MCALESTER — Sonya Davis grew up with family ties to the Oklahoma State Penitentiary.
Many of her family members worked at the maximum-security prison in McAlester for years and she grew up to do the same.
"You just get used to it," she said. "Property taxes are cheaper here."
Davis, 50, of McAlester, worked as a correctional officer at the prison for a year. She still lives nearby and said she never wonders about the safety of her neighborhood.
Sometimes she'll even forget and leave one of her doors open, she said. Her thinking is that if someone wants to escape from the penitentiary, they'll travel as far away as they possibly can instead of terrorizing nearby residents.
"Most people around here don't think anything about it," she said, adding that most residents work at the prison.
She said there are also a lot of families who move next to the penitentiary to be close to their husbands while they're serving time.
If an inmate wants to escape, Davis said, he'll likely have a ride to pick him up. But as a safety precaution, she said she pays attention to any new faces in the neighborhood.
"I think we're more aware of who's walking down the road," she said.
Resident Malinda Dobson, 37, said she moved near the prison a few years ago with her husband Daniel and they haven't had any problems with the penitentiary.
She said police have had to search back behind their house in an alley once to find an escapee, but Dobson said she wasn't sure if the escape was from the penitentiary.
Jerry Massie, spokesman for the Oklahoma Department of Corrections, said there haven't been any escapes from the state's three maximum-security prisons in the last five years.
History of the penitentiary
Construction began on the penitentiary in 1908. Steve Adams, local historian and former correctional officer at the prison, said it started out as a stockade with electrified razor wire. He said they returned prisoners from Lansing, Kan., to house there.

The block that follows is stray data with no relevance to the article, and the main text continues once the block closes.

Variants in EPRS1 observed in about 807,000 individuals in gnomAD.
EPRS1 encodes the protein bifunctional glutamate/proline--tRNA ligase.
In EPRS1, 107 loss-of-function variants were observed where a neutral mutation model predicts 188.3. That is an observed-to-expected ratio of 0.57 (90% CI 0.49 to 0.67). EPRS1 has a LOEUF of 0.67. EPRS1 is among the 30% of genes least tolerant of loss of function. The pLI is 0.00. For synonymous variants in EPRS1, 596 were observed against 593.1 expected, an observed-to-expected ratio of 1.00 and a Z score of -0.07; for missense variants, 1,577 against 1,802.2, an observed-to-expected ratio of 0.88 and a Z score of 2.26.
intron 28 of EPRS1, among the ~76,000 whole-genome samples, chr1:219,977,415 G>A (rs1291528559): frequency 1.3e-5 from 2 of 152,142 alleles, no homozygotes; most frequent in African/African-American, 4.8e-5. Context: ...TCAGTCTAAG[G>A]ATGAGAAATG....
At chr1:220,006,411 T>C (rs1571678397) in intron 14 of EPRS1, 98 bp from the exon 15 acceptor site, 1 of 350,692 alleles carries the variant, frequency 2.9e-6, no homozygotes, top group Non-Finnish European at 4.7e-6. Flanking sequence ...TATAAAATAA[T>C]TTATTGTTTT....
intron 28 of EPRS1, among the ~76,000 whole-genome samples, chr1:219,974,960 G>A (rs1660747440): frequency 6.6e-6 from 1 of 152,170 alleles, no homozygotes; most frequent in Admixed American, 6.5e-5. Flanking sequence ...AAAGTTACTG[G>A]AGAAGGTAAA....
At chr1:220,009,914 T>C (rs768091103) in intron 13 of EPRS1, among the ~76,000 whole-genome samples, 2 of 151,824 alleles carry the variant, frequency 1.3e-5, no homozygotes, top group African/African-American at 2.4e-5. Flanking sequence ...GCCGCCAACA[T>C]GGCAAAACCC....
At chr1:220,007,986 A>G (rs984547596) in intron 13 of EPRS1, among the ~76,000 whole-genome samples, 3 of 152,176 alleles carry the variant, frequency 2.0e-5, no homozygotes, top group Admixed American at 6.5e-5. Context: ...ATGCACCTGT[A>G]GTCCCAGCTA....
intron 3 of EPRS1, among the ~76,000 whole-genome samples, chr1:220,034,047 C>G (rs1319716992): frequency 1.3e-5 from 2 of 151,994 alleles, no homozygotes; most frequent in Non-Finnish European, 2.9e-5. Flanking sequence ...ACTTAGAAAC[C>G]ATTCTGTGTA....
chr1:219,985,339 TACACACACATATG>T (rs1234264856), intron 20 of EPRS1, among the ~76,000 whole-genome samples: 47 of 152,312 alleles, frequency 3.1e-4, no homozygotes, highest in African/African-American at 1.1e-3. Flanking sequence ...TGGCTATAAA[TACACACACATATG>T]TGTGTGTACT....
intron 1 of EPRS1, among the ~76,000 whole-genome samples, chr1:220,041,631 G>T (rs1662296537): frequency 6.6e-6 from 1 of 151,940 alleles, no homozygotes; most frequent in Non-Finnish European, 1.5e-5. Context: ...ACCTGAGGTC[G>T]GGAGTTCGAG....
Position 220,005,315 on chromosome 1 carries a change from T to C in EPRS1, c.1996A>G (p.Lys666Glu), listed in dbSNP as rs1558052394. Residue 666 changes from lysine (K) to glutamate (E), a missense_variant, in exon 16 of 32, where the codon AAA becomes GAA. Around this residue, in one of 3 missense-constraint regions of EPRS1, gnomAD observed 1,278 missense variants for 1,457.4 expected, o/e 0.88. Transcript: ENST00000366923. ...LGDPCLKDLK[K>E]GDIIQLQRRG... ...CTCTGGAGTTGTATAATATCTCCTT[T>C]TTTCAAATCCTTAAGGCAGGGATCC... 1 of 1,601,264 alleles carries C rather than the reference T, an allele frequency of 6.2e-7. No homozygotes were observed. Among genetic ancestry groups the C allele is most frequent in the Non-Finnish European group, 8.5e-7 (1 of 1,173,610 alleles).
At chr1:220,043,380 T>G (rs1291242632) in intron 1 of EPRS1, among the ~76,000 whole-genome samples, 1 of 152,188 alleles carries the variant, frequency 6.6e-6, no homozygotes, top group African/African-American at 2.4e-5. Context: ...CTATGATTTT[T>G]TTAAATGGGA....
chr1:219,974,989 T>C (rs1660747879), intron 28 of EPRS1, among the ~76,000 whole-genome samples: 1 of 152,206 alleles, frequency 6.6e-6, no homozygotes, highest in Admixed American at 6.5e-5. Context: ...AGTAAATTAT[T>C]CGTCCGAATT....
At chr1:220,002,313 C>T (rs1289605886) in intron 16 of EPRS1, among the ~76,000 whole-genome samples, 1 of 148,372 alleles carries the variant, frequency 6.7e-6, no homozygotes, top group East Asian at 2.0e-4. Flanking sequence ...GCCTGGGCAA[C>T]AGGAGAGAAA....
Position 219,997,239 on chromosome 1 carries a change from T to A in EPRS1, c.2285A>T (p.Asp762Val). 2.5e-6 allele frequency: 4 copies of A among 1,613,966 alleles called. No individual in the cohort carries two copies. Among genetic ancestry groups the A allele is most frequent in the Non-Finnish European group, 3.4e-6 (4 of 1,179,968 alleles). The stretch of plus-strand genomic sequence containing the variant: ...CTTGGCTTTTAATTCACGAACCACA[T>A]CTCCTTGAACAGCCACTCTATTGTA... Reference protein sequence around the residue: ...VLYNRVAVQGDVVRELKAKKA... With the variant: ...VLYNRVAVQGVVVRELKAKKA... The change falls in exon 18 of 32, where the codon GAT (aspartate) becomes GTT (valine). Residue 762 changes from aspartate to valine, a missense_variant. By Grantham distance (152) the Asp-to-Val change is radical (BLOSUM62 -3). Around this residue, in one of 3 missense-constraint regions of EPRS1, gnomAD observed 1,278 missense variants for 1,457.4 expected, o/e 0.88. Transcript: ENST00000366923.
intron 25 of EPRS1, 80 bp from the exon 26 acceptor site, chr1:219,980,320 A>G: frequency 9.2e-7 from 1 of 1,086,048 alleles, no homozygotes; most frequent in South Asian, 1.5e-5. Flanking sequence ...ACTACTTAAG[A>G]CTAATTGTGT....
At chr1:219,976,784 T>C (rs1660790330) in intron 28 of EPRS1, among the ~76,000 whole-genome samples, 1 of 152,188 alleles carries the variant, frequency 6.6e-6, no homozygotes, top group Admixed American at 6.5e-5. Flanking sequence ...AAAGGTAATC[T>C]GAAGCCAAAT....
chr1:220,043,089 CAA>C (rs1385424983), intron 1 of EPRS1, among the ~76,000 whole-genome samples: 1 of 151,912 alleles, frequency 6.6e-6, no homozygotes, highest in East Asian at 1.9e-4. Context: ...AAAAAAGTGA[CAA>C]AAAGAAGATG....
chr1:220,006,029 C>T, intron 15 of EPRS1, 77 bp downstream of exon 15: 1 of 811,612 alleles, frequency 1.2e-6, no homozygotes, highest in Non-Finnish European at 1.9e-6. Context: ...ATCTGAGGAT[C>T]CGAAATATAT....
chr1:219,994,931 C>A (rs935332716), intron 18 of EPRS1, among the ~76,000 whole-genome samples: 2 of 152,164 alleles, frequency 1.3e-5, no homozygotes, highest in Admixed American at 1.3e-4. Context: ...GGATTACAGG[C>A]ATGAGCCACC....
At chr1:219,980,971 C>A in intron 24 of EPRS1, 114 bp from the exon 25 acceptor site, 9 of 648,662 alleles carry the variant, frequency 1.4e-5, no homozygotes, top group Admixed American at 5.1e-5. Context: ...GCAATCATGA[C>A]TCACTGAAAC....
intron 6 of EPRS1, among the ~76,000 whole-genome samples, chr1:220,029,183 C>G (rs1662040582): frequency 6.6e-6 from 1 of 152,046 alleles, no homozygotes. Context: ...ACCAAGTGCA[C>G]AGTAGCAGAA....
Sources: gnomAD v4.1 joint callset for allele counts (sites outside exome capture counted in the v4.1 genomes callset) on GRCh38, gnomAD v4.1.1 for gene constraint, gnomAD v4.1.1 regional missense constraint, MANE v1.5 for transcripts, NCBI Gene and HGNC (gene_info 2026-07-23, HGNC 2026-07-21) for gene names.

Dale Cantrell, disciplinary hearing officer, said those inmates in 1908 helped build the 30-foot walls that are still intact today around the facility.
Another cell house was added in the 1930s and the first escape sign went up in 1951.
Adams said it read, "Beware of escaping convicts." The sign was later taken down.
Residents who grew up in McAlester are familiar with the history of the prison and know that an escapee will want to get away from the area right away, he said.
"The people who lived here all their lives, they're not one bit scared of the prison," Adams said.
Warden Randall G. Workman said the penitentiary has brought many jobs to McAlester over the years and continues to educate people about the prison system and Department of Corrections.
"It sort of represents the culture of the area," he said.
Living in Lexington
Herbie Engdahl, 74, has operated Engdahl's Auto Company in Lexington for nearly 55 years.
His life in Lexington predates the construction of the Joseph Harp Correctional Center in 1978. Like most residents of Lexington, Engdahl doesn't give much thought to having a prison in his town.
"I've never had a problem with it," he said. "We've never had any big problems as far as I know. You hear stories every now and then but I've been through the prison on a tour and it's a pretty up to date deal."
The Lexington Assessment and Reception Center was built on the site of the Lexington Regional Treatment Center, an old military installation acquired by the department in 1971, according to DOC's website.
The assessment and reception center is a maximum security unit that holds offenders recently sentenced by a judge. Staff members keep the offenders in this unit to decide which facility they should be assigned to.
Lexington Police Chief Deana Standridge agrees with Engdahl, but said sometimes visitors cause traffic problems around town.
"People come through here to visit their friends and family at the prison on Saturdays and Sundays," Standridge said. "It increases our traffic volume tremendously which increases the amount of people who keep us busy on the weekends."
Standridge said her department maintains an excellent relationship with the prison. She said any time she has had questions or concerns they have been addressed promptly. She said the few times there have been escapes inmates don't normally head toward town.
"I think there's been one time since I became chief in 2001 that one of them actually came into town after escaping and in that case we got them pretty quickly," she said.